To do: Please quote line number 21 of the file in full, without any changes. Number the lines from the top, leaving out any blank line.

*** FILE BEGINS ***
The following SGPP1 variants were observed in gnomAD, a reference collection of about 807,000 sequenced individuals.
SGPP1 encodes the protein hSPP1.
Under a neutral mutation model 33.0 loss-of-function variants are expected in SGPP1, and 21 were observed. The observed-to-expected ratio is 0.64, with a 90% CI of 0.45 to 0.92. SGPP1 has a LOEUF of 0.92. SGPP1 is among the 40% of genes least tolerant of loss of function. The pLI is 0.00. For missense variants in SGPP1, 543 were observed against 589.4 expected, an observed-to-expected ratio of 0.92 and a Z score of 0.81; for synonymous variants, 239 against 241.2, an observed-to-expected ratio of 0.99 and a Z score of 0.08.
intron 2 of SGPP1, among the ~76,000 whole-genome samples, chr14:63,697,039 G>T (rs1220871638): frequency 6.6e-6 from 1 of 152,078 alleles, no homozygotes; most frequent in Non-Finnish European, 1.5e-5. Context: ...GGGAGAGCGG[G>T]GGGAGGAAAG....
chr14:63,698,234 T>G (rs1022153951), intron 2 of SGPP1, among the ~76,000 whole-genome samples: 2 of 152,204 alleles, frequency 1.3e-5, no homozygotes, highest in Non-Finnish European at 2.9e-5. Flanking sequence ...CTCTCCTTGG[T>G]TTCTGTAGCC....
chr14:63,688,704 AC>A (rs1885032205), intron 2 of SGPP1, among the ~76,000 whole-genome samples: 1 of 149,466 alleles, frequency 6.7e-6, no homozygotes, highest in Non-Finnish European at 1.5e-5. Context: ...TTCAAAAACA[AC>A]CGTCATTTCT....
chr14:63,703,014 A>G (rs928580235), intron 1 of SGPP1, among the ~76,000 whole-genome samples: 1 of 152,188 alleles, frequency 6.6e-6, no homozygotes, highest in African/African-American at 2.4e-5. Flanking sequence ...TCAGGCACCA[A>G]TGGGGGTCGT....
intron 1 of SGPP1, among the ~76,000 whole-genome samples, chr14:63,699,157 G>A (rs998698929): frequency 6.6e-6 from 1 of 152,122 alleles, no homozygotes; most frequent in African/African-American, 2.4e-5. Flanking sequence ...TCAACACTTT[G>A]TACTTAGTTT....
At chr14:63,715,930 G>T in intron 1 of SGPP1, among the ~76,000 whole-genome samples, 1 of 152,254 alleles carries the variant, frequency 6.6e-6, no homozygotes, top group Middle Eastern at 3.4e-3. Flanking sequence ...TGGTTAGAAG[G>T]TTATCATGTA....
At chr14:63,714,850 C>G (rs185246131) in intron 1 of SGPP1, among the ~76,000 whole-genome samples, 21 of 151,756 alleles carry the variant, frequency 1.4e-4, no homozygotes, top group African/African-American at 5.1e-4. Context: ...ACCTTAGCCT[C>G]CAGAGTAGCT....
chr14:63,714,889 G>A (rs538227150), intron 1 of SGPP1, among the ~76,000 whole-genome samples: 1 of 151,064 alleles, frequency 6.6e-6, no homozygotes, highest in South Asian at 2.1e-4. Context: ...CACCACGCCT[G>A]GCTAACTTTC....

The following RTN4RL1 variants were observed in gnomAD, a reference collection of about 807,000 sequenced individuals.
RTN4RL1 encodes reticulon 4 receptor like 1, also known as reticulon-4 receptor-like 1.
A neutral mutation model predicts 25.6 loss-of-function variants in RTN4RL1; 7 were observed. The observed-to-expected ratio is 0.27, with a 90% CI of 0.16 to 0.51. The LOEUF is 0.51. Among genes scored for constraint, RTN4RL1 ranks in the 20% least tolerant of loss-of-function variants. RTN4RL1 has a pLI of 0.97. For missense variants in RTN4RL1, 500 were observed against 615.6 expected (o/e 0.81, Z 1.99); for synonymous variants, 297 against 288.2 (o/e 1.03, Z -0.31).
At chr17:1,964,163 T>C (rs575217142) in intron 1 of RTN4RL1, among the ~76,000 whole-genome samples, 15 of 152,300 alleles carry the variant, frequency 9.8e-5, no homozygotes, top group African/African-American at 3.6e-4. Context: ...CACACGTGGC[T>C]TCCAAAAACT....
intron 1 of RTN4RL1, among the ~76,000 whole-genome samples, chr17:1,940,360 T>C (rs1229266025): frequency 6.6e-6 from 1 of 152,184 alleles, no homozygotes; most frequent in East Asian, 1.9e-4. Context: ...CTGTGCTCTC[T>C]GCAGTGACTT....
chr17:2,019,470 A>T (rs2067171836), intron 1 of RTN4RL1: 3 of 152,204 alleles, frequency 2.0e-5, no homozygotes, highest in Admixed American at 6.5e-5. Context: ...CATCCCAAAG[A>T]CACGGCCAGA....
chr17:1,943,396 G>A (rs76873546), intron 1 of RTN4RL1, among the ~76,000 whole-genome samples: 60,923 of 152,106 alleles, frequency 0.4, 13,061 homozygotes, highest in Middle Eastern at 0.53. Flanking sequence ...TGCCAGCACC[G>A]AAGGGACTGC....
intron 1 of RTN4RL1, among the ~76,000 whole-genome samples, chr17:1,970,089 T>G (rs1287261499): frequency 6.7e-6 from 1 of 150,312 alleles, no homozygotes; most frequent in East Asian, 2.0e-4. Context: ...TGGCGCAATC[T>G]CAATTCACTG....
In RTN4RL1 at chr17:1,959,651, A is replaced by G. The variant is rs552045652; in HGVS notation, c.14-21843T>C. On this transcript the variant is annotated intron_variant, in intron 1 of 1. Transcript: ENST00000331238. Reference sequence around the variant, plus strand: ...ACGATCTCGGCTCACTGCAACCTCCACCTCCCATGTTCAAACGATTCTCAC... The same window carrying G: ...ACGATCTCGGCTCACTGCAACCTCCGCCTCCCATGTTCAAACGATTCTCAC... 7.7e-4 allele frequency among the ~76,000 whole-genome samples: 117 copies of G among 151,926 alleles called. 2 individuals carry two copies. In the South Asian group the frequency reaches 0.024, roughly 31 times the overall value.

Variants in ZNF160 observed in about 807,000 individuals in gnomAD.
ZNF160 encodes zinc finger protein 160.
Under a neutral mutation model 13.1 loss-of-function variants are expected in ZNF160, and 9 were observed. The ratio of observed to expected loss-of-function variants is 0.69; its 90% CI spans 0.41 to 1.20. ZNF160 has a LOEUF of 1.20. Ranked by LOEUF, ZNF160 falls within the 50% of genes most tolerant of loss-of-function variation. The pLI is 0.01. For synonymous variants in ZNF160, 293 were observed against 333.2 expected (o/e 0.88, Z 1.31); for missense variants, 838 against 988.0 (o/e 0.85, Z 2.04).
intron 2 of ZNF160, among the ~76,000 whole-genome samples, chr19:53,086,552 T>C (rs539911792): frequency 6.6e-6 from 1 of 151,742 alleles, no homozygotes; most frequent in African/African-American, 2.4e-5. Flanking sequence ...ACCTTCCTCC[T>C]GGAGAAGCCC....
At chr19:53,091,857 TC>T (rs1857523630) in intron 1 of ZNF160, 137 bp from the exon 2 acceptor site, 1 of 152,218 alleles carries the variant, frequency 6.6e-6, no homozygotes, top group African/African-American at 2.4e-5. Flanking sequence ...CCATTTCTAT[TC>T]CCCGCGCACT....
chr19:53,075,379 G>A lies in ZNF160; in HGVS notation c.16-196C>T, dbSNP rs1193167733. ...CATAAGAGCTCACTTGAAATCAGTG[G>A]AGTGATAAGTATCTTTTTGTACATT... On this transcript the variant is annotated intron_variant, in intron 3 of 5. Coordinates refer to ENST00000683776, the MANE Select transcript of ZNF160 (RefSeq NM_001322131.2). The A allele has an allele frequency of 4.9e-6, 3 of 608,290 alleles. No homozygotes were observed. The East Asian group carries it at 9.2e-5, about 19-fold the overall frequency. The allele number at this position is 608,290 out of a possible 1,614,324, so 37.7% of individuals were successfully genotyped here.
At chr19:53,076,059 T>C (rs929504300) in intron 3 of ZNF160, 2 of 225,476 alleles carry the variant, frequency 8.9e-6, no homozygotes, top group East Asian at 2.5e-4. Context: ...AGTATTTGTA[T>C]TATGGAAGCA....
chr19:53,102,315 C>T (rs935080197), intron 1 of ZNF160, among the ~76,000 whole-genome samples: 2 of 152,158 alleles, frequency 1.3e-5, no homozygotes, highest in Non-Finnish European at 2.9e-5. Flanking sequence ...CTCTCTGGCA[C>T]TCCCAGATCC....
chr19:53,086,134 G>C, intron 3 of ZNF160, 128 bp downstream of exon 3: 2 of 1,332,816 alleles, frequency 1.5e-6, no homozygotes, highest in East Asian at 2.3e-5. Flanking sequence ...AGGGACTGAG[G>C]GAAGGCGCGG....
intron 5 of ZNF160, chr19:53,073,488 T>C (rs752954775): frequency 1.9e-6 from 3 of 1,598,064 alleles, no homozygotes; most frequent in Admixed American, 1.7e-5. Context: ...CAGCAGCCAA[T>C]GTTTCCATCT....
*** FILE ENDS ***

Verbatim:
Variants in ZNF160 observed in about 807,000 individuals in gnomAD.